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The US and British navies’ newest submarines are equipped with totally different kinds of periscopes

  • The periscope has become one of the defining features of the submarine.
  • But the newest US and British attack subs have totally reinvented how periscopes look and function.

Few parts of a submarine are as iconic as the periscope.

For over a century, periscopes have been sub commanders’ window to the outside world, allowing them to check their surroundings, find targets, and assess their attacks.

But that fundamental feature of the submariner’s world may soon be a relic.

The US and UK are both are fielding submarines equipped with new photonic and optronic masts that replace the periscope entirely while ensuring submariners can still see their targets on the surface.

Lenses, mirrors, and prisms are being replaced with sensors, cameras, and fiber optics, and it is changing submarine designs for the better.

The traditional periscope

Navy officer looks through submarine periscope

An officer looks through a submarine periscope.

George Rinhart/Corbis via Getty Images


Traditional periscopes service a vital purpose, but they are bulky and take up a lot of space in a submarine’s already cramped interior.

In order to be effective, the well of the periscope has to run the entire height of a submarine. This limits how the sub’s sail and the compartments below can be laid out, as they need to have room for the massive metal pylon running through them.

This also requires the sub’s control room to be on a smaller upper deck toward the sail, instead of on a wider deck below.

Additionally, only one person can look through a periscope at any time. This prevents other crewmen from getting a full view of their targets or surroundings, and may lead to delays as others take turns looking through the periscope.

Finally, since the periscope well penetrates the hull of a submarine, damage to it — whether from a collision with another vessel or even extremely rough seas — can be very expensive and time consuming to repair, not to mention potentially deadly.

The US Navy and Royal Navy believe they have found the solution for such problems with their newest nuclear-powered attack submarines, classified as SSNs.

Virginia-class

Navy sailor stand on sail of Virginia-class attack submarine USS Virginia

Sailors stand among masts on the sail of Virginia-class attack submarine USS Virginia, March 22, 2016.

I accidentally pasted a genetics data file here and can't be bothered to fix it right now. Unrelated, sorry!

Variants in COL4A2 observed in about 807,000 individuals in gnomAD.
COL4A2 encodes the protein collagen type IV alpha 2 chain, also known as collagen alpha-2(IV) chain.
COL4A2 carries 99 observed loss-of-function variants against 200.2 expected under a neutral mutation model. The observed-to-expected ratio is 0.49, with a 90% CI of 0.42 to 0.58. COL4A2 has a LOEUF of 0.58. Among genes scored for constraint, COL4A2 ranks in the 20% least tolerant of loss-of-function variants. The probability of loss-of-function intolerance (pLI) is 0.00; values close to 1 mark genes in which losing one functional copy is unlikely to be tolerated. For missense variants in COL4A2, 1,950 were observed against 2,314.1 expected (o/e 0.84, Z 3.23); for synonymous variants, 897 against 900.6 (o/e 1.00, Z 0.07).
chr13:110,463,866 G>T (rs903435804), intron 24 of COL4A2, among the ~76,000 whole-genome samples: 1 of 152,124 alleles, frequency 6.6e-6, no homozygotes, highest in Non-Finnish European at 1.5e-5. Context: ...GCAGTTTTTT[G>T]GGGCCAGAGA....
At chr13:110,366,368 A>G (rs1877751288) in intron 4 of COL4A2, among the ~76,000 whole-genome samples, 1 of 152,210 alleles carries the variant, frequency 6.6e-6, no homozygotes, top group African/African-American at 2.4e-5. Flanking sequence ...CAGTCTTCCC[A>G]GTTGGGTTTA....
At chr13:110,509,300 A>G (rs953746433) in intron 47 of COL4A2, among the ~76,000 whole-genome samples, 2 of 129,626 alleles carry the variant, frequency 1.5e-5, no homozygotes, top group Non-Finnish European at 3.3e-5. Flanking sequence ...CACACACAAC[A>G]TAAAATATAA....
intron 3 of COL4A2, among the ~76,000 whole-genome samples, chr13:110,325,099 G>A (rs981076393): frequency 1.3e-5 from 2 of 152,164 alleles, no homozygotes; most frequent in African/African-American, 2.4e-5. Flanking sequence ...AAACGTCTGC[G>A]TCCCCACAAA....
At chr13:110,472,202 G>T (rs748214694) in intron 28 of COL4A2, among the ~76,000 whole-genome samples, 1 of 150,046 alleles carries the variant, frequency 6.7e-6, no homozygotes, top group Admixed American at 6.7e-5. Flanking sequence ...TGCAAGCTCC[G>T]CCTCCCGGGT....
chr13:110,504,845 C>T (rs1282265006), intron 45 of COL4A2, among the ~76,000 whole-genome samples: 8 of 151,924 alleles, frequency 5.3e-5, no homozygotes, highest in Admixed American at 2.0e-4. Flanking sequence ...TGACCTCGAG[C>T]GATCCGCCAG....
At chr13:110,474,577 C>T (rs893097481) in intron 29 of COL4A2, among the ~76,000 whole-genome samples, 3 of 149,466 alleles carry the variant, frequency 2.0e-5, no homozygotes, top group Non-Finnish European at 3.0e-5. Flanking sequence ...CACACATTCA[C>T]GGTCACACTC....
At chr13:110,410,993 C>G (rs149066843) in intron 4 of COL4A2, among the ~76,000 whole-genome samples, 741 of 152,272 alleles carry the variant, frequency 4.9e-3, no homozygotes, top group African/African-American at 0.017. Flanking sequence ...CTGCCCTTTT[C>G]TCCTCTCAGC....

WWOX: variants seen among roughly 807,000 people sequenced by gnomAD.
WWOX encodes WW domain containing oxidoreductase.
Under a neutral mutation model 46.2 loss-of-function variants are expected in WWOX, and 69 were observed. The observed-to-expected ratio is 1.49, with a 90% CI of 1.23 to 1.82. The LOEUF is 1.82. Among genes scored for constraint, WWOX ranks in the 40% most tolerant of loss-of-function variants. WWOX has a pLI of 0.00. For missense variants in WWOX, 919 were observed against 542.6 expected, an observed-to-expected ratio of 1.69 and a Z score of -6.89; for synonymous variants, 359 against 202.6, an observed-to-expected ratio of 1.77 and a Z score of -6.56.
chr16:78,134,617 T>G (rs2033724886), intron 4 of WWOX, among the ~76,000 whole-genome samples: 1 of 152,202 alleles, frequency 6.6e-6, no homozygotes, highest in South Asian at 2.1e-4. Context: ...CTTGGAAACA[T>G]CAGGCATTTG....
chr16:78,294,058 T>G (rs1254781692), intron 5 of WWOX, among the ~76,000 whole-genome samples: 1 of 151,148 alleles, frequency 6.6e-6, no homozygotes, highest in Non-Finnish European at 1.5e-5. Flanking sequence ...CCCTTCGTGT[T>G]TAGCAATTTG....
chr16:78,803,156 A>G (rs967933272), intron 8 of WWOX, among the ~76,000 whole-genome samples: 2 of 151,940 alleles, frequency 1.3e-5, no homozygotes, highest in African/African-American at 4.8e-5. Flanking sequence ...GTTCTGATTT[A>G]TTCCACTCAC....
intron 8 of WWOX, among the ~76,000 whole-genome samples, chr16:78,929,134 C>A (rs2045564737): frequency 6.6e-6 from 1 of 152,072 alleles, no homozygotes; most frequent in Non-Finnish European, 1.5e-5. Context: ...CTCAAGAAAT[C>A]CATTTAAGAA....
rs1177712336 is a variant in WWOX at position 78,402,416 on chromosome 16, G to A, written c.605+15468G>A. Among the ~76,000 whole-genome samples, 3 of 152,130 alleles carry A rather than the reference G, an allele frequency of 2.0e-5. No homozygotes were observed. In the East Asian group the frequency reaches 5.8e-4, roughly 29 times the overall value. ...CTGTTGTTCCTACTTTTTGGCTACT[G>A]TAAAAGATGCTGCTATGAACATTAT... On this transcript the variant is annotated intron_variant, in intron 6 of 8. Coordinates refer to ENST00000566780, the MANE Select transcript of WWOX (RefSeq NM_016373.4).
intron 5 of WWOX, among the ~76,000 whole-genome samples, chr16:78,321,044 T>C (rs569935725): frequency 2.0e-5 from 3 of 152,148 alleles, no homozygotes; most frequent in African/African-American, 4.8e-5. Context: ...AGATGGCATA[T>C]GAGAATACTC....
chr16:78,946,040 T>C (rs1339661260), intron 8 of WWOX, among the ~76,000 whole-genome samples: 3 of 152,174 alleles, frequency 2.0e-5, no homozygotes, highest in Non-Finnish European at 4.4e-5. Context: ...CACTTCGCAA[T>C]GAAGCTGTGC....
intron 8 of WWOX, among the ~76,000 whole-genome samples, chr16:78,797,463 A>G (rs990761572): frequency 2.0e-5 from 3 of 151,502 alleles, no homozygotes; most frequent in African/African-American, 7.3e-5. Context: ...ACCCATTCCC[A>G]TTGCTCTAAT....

British Royal Navy


The US Navy’s newest SSN is the Virginia-class. Instead of the traditional periscopes, Virginia-class boats are the first US subs with photonic masts.

Each boat has two AN/BVS-1 photonic masts. Rather than run down the entire hull, the masts are built into the sail and extend and retract like a telescope, which means the control room can be placed on a lower second deck, where there is more room.

Each mast has three cameras: infrared, high-resolution, and color. These cameras are connected to TV screens in the control room through fiber-optic cables.

The masts, each of which can rotate 360 degrees, also have a laser range finder, allowing the crew to accurately chart distances for targeting and navigation.

Navy sailor uses xbox controller for periscope on submarine

A sailor uses an Xbox controller to maneuver the photonic mast aboard Navy submarine Colorado, January 12, 2018.

US Navy/MCS1 Jeffrey M. Richardson


Until 2018, the crew of every Virginia-class submarine operated the masts with a joystick system developed by Lockheed Martin.

But the joystick was difficult to handle for many younger sailors, who described them as “clunky” and “real heavy.”

The Navy’s fix? Xbox 360 controllers, which are far more intuitive for sailors who grew up playing video games. The controllers were also better for the budget — Lockheed Martin’s joystick cost about $38,000, while an Xbox 360 controller costs as little as $30.

The first Virginia-class boat to get the controller upgrade was the USS Colorado, which was commissioned in 2018.

Astute-class

British navy submarine periscope

The periscope of HMS Talent, a British Trafalgar-class attack sub, in the waters off of northwest Scotland in December 2009.

Royal Navy/POA(Phot) Gaz Armes


The Astute-class is the largest and most advanced attack submarine ever built for the Royal Navy.

With the commissioning of the first boat, HMS Astute, in 2010, the Royal Navy also made the switch from optical periscopes to cameras.

Astute-class boats have two CM10 optronic masts, developed by Thales Optronics.

Like the AN/BVS-1, the CM10 masts feature infrared, color, and high-resolution cameras connected to screens in the control room by fiber optics.

British Royal Navy Astute-class attack submarine Ambush

Ambush, the second Astute-class attack subs, sails into Naval Base Clyde, September 9, 2021.

Royal Navy/LA(Phot) Stu Hill


In addition to telescoping into the sail instead of all the way through the hull, the masts are fully stabilized, allowing them to be used in rough seas. The CM10 also has a laser range finder.

Thales is developing a new generation of optronic masts with the introduction of the Low Profile Variant. The LPV features new sensors and cameras, and incorporates Digital Crew, which Thales describes as “an artificial intelligence and automation functionality.”

Digital Crew will assist in detection and tracking and will be able to highlight, classify, and track multiple targets on screen in real time, faster than a single human operator.

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